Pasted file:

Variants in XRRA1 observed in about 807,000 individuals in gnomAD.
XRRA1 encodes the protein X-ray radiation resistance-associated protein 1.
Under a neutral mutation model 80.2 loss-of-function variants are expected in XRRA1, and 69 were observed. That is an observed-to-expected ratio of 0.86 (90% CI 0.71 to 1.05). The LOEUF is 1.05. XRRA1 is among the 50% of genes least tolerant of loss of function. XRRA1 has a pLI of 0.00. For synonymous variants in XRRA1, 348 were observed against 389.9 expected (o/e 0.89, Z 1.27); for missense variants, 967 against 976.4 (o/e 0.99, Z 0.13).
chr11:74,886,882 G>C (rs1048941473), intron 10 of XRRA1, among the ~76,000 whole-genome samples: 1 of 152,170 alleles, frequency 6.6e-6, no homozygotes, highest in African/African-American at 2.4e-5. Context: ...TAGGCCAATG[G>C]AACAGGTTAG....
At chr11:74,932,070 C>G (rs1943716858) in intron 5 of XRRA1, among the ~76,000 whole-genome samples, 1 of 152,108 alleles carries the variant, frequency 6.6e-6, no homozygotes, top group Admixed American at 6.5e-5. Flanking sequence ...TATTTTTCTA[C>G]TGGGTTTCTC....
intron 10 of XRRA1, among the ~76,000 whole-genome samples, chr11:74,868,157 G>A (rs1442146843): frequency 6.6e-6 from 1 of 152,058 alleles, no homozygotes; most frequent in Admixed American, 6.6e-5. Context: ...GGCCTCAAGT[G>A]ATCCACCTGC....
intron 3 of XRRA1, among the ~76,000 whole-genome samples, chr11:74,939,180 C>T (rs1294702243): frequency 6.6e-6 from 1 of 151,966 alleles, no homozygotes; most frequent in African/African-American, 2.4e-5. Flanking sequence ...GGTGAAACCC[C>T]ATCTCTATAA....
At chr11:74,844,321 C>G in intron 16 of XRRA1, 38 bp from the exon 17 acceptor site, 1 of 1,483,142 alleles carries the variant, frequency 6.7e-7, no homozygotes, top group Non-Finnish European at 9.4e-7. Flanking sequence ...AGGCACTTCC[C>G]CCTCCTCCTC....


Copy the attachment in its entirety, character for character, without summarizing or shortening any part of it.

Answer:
Variants in XRRA1 observed in about 807,000 individuals in gnomAD.
XRRA1 encodes the protein X-ray radiation resistance-associated protein 1.
Under a neutral mutation model 80.2 loss-of-function variants are expected in XRRA1, and 69 were observed. That is an observed-to-expected ratio of 0.86 (90% CI 0.71 to 1.05). The LOEUF is 1.05. XRRA1 is among the 50% of genes least tolerant of loss of function. XRRA1 has a pLI of 0.00. For synonymous variants in XRRA1, 348 were observed against 389.9 expected (o/e 0.89, Z 1.27); for missense variants, 967 against 976.4 (o/e 0.99, Z 0.13).
chr11:74,886,882 G>C (rs1048941473), intron 10 of XRRA1, among the ~76,000 whole-genome samples: 1 of 152,170 alleles, frequency 6.6e-6, no homozygotes, highest in African/African-American at 2.4e-5. Context: ...TAGGCCAATG[G>C]AACAGGTTAG....
At chr11:74,932,070 C>G (rs1943716858) in intron 5 of XRRA1, among the ~76,000 whole-genome samples, 1 of 152,108 alleles carries the variant, frequency 6.6e-6, no homozygotes, top group Admixed American at 6.5e-5. Flanking sequence ...TATTTTTCTA[C>G]TGGGTTTCTC....
intron 10 of XRRA1, among the ~76,000 whole-genome samples, chr11:74,868,157 G>A (rs1442146843): frequency 6.6e-6 from 1 of 152,058 alleles, no homozygotes; most frequent in Admixed American, 6.6e-5. Context: ...GGCCTCAAGT[G>A]ATCCACCTGC....
intron 3 of XRRA1, among the ~76,000 whole-genome samples, chr11:74,939,180 C>T (rs1294702243): frequency 6.6e-6 from 1 of 151,966 alleles, no homozygotes; most frequent in African/African-American, 2.4e-5. Flanking sequence ...GGTGAAACCC[C>T]ATCTCTATAA....
At chr11:74,844,321 C>G in intron 16 of XRRA1, 38 bp from the exon 17 acceptor site, 1 of 1,483,142 alleles carries the variant, frequency 6.7e-7, no homozygotes, top group Non-Finnish European at 9.4e-7. Flanking sequence ...AGGCACTTCC[C>G]CCTCCTCCTC....